Personal Growth spring boards off building a better relationship with yourself. In my case, I had to correct my old "mom" behavior of putting everyone else before me. I remember one mentor saying, "You have to put your own oxygen mask on first just like on the airplane". For some reason, that did it. But it took me making some every big mental adjustments so that I could get to the point where I felt comfortable and "allowed" to invest more in myself and my own personal development. If you are currently a parent that has been devoting your time and life 100% to your child, I get that. I truly do. I just want to gently remind you that you need not neglect your own life, needs, and growth in the process. By providing the example that each person SHOULD strive to improve and DOES deserve to give themselves opportunities to learn and grow, this does far more for your kids in the long run than being the martyr so many of our own mothers have appeared to found comfort in. I say this with much love to each of you: you deserve to have a life as well and while it's important to be dedicated to your responsibilities as a mother, just like with any job, you have to also be able to not become the door mat everyone else wipes their feet on.
Fun. Fun? Yes. I said it. FUN! While I am the first person to lecture on "life is not full of safe spaces or fun" that does not mean you can not create them for yourself. I have found in my years of experience that if I wait for others to create fun for me then 99% of the time they don't. Unless they have an agenda that includes creating fun for me because they expect something from it, they are going to focus on their own fun and happiness a majority of the time. IF you are fortunate enough to be with someone who actually cares about your happiness as much as their own, go tell them you love them and thank them for being in your life right now.
Fun is not necessarily living a life of jet setting red carpet Champagne swilling frivolity. Often times if you look close, while those folks appear to be having a "good time" deep down inside they are so insecure and worried about what everyone else is thinking about them and their status and how they are going to acquire the next trendy thing before their rival or how their competition is on their heels and what they have to do to stay one step ahead.
My mentors taught me that while it certainly can be fun to walk a red carpet (I have done it!); jet set (check, done it); and swill Champagne (done it... highly recommend the caves of Maison Veuve Clicquot in Reims or the Champagne Bar in Harrods London) those were singular moments that are still delightful memories. But just like brushing your teeth, anything can get old if you do it all the time. No, my mentors have taught me to "do what brings you joy". Would you believe that while this seems to be a simple thing that would be easy to figure out, it took me YEARS to realize that most of the time it has absolutely nothing to do with anything material.
I challenge everyone in 2018 to figure out one thing that truly brings you joy. And remember, joy is not the "absence of unhappiness". Once you find the first one and really "get" what that feeling is, then you can move forward from there to discover what else gives you that feeling and work towards bringing more of that into your life.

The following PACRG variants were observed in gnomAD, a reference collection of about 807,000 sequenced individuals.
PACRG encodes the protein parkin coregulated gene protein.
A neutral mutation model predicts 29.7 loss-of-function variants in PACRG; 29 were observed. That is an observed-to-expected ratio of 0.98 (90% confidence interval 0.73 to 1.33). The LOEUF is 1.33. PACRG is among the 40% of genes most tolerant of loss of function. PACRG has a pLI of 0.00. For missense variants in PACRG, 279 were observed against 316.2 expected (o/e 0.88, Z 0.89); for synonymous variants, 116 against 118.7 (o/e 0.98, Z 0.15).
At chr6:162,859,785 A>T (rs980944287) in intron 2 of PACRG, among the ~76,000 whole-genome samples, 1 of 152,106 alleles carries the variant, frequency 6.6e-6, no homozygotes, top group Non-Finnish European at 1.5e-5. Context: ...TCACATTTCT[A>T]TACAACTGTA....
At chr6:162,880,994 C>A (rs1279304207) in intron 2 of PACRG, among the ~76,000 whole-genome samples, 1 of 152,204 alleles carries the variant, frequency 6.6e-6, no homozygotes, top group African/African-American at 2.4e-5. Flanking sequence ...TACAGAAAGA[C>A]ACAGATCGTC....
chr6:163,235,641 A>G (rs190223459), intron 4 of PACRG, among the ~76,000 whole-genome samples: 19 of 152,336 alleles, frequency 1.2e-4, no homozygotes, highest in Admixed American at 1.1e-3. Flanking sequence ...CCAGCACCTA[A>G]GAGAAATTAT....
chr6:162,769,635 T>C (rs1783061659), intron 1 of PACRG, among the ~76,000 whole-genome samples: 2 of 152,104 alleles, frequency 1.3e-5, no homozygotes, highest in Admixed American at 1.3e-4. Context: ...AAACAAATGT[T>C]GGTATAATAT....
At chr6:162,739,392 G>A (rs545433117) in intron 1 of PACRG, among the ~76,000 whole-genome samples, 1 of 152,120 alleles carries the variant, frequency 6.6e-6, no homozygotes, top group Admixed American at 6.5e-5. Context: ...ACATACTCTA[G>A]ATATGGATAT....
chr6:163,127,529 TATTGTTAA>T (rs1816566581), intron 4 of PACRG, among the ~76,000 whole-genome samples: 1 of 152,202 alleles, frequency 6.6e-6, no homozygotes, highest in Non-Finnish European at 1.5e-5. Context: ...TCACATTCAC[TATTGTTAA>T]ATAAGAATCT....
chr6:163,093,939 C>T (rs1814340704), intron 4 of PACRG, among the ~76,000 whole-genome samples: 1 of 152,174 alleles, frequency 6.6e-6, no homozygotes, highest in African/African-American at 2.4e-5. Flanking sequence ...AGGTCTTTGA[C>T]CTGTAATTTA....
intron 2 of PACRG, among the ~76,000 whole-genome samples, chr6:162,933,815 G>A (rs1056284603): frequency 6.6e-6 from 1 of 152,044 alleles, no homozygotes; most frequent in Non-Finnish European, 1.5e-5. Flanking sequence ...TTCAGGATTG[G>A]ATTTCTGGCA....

After you have examined those areas of your life, ask yourself these three questions:
1. What did you accomplish in 2017 in that area? Start with the positive! If you did not have what you consider an accomplishment, consider any work towards that area an accomplishment in and of itself. Some of you reading this are alive this year and made it through 2017. THAT, my friends, IS an accomplishment. Give yourself credit for that. It does count.
2. What are you disappointed in about that area from 2017?
3. What can you change about what you are doing that could give you traction in that area? This is not a place for "regrets", this is where you analyze what did not work and what you can change.
For example, I might have written down
1. I accomplished speaking at a conference!
2. I am disappointed that I did not pay as much attention to the amount of sugar I ate as I would have liked to.
3. I can stop trying to mentally keep track of sugar grams like I had been and actually start to log them in my daily agenda so that it's more in my focus and I am less likely to forget something I have eaten or miscalculate the running total in my head after a long day when I am tired. Seeing a number written down is hard and clear vs one that is hazy in my head.
I have a Motivation Board that I regularly update and display things to remind me of goals that I have (another exercise given to me by a mentor). For this new year, I have the following quote displayed prominently in the center:
"When Life Gets Blurry, Adjust Your Focus"
Every day, every hour, every moment is an opportunity to adjust your focus. If you have already lost focus in this new year, now is the perfect time to adjust. If you feel like you haven't had focus in years, now is also a good as time as any to adjust.
Now, come on, let's get this party started!